Hip arthroscopy is an excellent minimally invasive operation that allows thorough visualization of the hip joint needed for diagnosing and addressing various pathology, inside and outside the hip joint. So far there is no radiographic study that is entirely sensitive or specific enough for the diagnosis of cartilage lesions such as labial tears or chondral damage. Hip arthroscopy is a technically demanding procedure, requiring in depth knowledge and requires specialised training and education.
Indications for hip arthroscopy:
The acetabular labrum is a fibrous rim of cartilage around the hip socket which helps keep the head of the femur (thigh bone) inside the acetabulum (hip socket). It provides stability and seals the joint.
Acetabular labrum tears (labral tears) can cause pain, stiffness and other debilitating symptoms of the hip joint. The pain can occur if the labrum is torn, frayed or damaged. Labral tears are most often casued by trauma or developmental hip dysplasia.
Labral tears are extremely common in elderly people and less common in young adults.
Arthroscopic debridement treatment is not advised if you have any of the following conditions:
The patient will be admitted into hospital for a day or overnight. The procedure is performed either under general anaesthesia or spinal anaesthesia.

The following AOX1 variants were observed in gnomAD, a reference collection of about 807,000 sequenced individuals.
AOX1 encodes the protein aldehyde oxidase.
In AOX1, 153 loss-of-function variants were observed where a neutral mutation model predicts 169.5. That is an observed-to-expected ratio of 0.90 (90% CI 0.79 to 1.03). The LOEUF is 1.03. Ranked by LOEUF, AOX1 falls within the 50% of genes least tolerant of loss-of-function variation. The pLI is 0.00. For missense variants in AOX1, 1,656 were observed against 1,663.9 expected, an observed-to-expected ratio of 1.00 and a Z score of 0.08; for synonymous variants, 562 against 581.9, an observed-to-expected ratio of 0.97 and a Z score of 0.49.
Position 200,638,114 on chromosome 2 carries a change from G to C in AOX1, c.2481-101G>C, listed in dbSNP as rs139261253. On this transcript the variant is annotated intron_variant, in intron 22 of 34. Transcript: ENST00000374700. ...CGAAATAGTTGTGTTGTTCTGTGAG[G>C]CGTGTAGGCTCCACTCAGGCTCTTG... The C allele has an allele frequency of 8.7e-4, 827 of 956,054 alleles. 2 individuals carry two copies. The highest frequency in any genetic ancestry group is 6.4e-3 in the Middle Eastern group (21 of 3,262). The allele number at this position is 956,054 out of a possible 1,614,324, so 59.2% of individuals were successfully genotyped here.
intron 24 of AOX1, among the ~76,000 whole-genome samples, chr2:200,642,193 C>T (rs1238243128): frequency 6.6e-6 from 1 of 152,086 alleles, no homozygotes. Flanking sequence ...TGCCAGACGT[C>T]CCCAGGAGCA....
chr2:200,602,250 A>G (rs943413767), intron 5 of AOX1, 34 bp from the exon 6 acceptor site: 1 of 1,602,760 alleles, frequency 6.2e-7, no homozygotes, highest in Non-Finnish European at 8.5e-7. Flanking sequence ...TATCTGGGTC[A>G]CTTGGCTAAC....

At the start of the procedure, the leg is put in traction. The hip is pulled away from the socket enough for the entire joint to be visible and for instruments to be inserted.
A small puncture (about the size of a button hole) is be made for the arthroscope through which the inside of the hip and its damage can be identified. X-ray control using an image intensifier is used to gain access to the joint.
Two or three small incisions (portals) are made just above the bony prominence of the hip and instruments are inserted; first to visualise and treat any spurs on the femoral neck or acetabulum and then traction is applied where the instruments gain access to the hip joint to treat any pathology intra-articulary on the hip. These instruments can also smooth off rough surfaces, remove loose pieces of cartilage and excise bony osteophytes that may be causing a problem.
Sufficient traction is applied to open the joint by 7-8mm.
Local anesthetic is injected into the hip and wound following the procedure.
Depending on the approach taken and the individual condition the above overview may vary.
As with any operation complications are possible but unlikely. Such complications associated with hip arthroscopy can include: